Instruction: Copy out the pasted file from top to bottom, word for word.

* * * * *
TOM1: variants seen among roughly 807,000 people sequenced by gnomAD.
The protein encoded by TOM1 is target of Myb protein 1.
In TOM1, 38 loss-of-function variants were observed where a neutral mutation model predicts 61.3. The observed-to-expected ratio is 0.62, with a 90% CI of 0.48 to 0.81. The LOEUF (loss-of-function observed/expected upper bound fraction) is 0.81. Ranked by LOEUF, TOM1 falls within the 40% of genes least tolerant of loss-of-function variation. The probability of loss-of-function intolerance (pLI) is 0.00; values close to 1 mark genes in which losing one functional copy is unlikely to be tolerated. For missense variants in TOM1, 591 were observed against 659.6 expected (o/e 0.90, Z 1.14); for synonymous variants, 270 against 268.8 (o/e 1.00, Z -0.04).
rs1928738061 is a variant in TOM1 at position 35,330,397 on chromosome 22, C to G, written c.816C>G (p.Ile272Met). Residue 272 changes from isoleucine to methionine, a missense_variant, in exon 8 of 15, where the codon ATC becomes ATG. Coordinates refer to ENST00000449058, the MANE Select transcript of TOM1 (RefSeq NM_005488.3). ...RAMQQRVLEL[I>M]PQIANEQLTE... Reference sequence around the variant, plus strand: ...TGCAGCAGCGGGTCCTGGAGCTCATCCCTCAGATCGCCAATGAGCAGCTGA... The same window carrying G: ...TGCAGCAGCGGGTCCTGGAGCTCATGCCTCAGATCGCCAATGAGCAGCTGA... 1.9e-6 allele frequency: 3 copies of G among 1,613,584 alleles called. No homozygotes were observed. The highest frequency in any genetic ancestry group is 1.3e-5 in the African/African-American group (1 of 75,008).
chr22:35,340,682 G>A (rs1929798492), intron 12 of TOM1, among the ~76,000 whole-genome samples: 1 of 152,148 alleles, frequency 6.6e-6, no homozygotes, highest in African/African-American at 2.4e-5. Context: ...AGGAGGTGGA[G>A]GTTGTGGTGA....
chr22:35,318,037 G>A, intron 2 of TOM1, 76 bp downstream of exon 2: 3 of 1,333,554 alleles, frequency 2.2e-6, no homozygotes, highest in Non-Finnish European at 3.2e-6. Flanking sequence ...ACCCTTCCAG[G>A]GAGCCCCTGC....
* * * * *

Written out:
TOM1: variants seen among roughly 807,000 people sequenced by gnomAD.
The protein encoded by TOM1 is target of Myb protein 1.
In TOM1, 38 loss-of-function variants were observed where a neutral mutation model predicts 61.3. The observed-to-expected ratio is 0.62, with a 90% CI of 0.48 to 0.81. The LOEUF (loss-of-function observed/expected upper bound fraction) is 0.81. Ranked by LOEUF, TOM1 falls within the 40% of genes least tolerant of loss-of-function variation. The probability of loss-of-function intolerance (pLI) is 0.00; values close to 1 mark genes in which losing one functional copy is unlikely to be tolerated. For missense variants in TOM1, 591 were observed against 659.6 expected (o/e 0.90, Z 1.14); for synonymous variants, 270 against 268.8 (o/e 1.00, Z -0.04).
rs1928738061 is a variant in TOM1 at position 35,330,397 on chromosome 22, C to G, written c.816C>G (p.Ile272Met). Residue 272 changes from isoleucine to methionine, a missense_variant, in exon 8 of 15, where the codon ATC becomes ATG. Coordinates refer to ENST00000449058, the MANE Select transcript of TOM1 (RefSeq NM_005488.3). ...RAMQQRVLEL[I>M]PQIANEQLTE... Reference sequence around the variant, plus strand: ...TGCAGCAGCGGGTCCTGGAGCTCATCCCTCAGATCGCCAATGAGCAGCTGA... The same window carrying G: ...TGCAGCAGCGGGTCCTGGAGCTCATGCCTCAGATCGCCAATGAGCAGCTGA... 1.9e-6 allele frequency: 3 copies of G among 1,613,584 alleles called. No homozygotes were observed. The highest frequency in any genetic ancestry group is 1.3e-5 in the African/African-American group (1 of 75,008).
chr22:35,340,682 G>A (rs1929798492), intron 12 of TOM1, among the ~76,000 whole-genome samples: 1 of 152,148 alleles, frequency 6.6e-6, no homozygotes, highest in African/African-American at 2.4e-5. Context: ...AGGAGGTGGA[G>A]GTTGTGGTGA....
chr22:35,318,037 G>A, intron 2 of TOM1, 76 bp downstream of exon 2: 3 of 1,333,554 alleles, frequency 2.2e-6, no homozygotes, highest in Non-Finnish European at 3.2e-6. Flanking sequence ...ACCCTTCCAG[G>A]GAGCCCCTGC....